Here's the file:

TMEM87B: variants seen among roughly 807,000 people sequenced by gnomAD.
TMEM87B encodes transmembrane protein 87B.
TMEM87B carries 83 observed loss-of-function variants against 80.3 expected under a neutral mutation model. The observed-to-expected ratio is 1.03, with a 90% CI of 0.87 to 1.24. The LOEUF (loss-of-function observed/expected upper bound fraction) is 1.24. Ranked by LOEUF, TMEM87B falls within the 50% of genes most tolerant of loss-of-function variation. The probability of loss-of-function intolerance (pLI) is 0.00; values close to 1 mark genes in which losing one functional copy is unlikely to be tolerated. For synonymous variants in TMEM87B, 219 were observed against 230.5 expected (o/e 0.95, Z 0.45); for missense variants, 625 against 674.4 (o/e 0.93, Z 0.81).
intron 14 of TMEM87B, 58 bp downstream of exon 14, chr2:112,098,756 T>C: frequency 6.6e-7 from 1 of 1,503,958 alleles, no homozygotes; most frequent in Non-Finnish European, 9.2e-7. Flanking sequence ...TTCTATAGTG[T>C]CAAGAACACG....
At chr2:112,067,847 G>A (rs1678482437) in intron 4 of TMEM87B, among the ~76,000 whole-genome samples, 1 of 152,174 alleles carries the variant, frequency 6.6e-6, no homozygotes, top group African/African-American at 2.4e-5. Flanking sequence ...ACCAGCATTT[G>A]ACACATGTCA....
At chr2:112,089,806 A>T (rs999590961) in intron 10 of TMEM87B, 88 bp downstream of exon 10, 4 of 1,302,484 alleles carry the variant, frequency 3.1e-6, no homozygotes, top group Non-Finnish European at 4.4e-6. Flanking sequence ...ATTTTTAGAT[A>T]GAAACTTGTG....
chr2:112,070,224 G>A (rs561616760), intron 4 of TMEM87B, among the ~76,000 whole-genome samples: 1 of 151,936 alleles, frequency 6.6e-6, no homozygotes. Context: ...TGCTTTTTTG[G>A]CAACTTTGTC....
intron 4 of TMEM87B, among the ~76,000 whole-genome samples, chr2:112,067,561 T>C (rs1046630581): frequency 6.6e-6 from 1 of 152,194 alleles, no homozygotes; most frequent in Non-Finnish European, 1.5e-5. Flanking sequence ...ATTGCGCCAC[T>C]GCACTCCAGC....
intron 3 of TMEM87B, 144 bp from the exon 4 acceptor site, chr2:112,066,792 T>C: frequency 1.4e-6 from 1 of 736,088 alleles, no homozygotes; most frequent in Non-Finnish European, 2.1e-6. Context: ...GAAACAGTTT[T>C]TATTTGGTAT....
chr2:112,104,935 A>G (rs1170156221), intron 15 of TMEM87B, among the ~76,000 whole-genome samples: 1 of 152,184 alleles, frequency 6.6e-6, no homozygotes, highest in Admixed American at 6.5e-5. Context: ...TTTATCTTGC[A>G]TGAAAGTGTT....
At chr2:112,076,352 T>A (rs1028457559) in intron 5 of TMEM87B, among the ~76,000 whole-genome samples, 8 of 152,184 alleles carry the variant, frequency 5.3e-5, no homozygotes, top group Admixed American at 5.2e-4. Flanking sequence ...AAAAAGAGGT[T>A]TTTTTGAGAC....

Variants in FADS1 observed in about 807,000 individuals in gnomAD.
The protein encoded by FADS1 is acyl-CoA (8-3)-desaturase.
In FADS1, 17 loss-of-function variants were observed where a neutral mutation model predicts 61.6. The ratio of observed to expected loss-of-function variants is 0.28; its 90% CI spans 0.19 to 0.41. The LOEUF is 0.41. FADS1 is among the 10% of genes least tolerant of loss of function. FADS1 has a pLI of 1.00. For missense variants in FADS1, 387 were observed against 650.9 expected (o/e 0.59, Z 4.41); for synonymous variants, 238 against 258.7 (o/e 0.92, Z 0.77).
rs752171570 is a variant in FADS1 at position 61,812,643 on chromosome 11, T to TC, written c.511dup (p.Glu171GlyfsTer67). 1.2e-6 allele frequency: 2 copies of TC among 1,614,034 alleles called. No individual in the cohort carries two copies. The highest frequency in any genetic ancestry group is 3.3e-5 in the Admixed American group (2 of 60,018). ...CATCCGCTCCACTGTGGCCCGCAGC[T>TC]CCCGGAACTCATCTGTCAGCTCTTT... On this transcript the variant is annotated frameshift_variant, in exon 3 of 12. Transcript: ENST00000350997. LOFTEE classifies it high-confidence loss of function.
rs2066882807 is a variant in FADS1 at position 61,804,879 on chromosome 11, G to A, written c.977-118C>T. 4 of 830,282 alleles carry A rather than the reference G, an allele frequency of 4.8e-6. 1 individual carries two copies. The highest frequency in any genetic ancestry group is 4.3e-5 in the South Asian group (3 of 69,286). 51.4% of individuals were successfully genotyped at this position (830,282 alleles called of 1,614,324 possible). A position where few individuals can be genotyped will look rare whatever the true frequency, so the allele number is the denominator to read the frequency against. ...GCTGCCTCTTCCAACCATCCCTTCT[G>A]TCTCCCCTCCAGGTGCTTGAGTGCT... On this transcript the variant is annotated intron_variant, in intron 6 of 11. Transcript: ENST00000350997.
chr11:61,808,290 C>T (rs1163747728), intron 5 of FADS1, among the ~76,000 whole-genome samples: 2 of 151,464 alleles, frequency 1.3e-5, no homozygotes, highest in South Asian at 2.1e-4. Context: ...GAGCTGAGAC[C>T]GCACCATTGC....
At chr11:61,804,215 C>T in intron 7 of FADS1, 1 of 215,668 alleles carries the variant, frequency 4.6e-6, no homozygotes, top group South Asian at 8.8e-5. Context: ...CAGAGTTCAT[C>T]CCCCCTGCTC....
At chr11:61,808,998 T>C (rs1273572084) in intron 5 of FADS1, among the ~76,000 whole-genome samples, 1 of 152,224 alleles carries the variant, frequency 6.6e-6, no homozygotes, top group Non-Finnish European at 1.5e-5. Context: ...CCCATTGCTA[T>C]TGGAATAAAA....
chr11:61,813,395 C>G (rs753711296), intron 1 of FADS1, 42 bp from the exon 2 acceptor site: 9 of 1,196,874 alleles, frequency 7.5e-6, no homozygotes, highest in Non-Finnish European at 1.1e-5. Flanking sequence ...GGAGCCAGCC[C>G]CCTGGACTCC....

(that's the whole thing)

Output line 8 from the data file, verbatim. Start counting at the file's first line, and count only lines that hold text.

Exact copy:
intron 4 of TMEM87B, among the ~76,000 whole-genome samples, chr2:112,067,561 T>C (rs1046630581): frequency 6.6e-6 from 1 of 152,194 alleles, no homozygotes; most frequent in Non-Finnish European, 1.5e-5. Flanking sequence ...ATTGCGCCAC[T>C]GCACTCCAGC....